Diasporican: A Puerto Rican Cookbook
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In Illyana Maisonet’s compelling account, the food of Puerto Ricans outside Puerto Rico has its own identity, inseparable from its roots on the island and just as clearly a part of wherever it is those cooks are living now.
Her bracing and frank book—not a good choice for those who are shy about four-letter words or anticolonial politics—includes both recipes from the island’s different regions as well as her own Dungeness crab guanimes, little dumplings that reflect her upbringing in California. There’s a Puerto Rican-inflected version of Laotian laab that comes from a certain time in Maisonet’s life, and a rolled cake known as brazo gitano that swaps Sacramento Valley cherries for guava.
Certain core recipes do appear: lechón, for instance, the spitted pig roasted over an open fire, is very well documented. And pasteles, using a dough made from tropical tubers and bananas, though when it comes to wrapping them, Maisonet’s headnotes provide a clear example of how, as she says, “Puerto Ricans don’t tend to be cerebral about their food but rather emotional.”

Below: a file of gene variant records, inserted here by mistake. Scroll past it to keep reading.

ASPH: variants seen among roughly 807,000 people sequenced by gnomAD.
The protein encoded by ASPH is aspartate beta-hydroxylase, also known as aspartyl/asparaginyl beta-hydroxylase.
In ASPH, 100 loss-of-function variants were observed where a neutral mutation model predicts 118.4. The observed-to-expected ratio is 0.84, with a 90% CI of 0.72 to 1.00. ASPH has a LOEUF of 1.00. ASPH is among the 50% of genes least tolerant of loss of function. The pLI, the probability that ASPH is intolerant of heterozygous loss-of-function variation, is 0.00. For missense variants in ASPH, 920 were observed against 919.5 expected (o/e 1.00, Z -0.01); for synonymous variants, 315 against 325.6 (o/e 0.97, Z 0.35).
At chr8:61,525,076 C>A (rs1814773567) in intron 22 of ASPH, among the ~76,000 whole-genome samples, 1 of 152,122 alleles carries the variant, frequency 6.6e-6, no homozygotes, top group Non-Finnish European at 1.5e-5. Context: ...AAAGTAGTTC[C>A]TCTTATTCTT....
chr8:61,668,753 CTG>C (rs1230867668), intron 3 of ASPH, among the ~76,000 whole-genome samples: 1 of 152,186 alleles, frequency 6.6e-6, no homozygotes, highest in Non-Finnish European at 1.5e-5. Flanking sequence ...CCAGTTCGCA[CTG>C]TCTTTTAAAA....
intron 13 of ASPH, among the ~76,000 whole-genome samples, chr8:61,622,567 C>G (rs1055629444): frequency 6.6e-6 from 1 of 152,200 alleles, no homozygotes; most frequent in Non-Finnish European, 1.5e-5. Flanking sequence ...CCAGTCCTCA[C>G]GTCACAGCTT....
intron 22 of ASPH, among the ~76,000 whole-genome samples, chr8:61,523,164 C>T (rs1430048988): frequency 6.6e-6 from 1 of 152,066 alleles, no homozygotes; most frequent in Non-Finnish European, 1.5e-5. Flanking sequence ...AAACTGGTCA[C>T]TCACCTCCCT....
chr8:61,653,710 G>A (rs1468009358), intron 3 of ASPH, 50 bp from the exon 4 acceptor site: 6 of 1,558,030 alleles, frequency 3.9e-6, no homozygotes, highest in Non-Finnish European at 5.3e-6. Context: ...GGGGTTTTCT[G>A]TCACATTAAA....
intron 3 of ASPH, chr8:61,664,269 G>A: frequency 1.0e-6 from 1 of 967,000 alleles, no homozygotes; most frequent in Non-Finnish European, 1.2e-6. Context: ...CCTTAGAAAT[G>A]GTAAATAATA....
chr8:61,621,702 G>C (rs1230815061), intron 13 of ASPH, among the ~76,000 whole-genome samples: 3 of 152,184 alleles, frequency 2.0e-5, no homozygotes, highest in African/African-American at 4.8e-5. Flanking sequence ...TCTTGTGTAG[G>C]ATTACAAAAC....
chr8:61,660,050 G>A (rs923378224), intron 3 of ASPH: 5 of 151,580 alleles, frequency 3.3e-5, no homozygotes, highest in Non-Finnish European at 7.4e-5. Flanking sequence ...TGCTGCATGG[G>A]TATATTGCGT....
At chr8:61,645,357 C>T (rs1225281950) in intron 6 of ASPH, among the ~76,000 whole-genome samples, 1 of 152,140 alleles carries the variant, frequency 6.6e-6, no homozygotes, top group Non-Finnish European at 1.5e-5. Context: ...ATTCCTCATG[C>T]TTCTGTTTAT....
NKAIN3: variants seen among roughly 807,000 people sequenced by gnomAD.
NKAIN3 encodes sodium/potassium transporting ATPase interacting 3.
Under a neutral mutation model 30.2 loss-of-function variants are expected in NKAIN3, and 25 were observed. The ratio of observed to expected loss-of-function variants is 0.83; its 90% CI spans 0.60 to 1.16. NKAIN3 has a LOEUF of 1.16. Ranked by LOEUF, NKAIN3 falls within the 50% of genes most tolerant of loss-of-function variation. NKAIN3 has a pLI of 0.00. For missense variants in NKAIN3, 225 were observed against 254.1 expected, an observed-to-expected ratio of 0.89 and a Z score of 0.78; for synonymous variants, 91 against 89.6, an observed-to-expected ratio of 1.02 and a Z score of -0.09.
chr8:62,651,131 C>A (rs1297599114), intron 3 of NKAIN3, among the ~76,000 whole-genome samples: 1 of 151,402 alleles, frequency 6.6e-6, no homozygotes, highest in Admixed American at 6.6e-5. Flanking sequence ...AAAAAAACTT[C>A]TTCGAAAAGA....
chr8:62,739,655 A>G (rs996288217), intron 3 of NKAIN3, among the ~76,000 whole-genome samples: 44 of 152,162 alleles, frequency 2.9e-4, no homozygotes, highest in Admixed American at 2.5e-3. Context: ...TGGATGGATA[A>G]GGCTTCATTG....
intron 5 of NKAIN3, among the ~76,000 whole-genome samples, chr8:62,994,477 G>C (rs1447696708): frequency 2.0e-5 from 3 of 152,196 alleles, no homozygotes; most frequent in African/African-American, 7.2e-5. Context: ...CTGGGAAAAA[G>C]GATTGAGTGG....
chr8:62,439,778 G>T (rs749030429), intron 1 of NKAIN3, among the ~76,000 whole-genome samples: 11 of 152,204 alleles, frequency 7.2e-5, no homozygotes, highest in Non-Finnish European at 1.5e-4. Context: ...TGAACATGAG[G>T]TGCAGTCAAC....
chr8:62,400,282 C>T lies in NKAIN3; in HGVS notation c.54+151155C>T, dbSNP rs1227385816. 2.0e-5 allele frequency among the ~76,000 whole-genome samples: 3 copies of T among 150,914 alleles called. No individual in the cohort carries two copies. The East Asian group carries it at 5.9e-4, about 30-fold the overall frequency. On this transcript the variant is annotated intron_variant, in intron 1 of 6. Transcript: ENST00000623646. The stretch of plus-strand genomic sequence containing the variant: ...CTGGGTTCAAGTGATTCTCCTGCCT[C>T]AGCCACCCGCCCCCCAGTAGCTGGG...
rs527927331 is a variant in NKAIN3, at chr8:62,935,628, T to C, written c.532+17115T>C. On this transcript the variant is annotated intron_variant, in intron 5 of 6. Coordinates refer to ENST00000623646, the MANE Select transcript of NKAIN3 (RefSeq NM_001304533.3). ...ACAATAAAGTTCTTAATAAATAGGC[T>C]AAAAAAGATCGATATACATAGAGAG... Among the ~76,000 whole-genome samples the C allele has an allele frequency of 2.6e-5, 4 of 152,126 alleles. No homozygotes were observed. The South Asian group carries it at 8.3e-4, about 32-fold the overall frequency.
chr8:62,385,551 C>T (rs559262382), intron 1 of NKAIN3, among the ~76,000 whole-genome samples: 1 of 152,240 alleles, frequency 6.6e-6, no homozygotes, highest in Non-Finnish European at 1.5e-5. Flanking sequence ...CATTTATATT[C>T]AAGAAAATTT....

Rather than a systematic attempt to survey the Puerto Rican diaspora, Diasporican uses Maisonet’s family, friends, and acquaintances to capture a representative diversity, a kind of synecdoche in which the experiences of hard-working cooks and their stories bring to life the cooking of millions who have left the island. There is no attempt to be definitive so much as a demonstration that there are many other stories left to be told.
Hardcover. Color photographs throughout.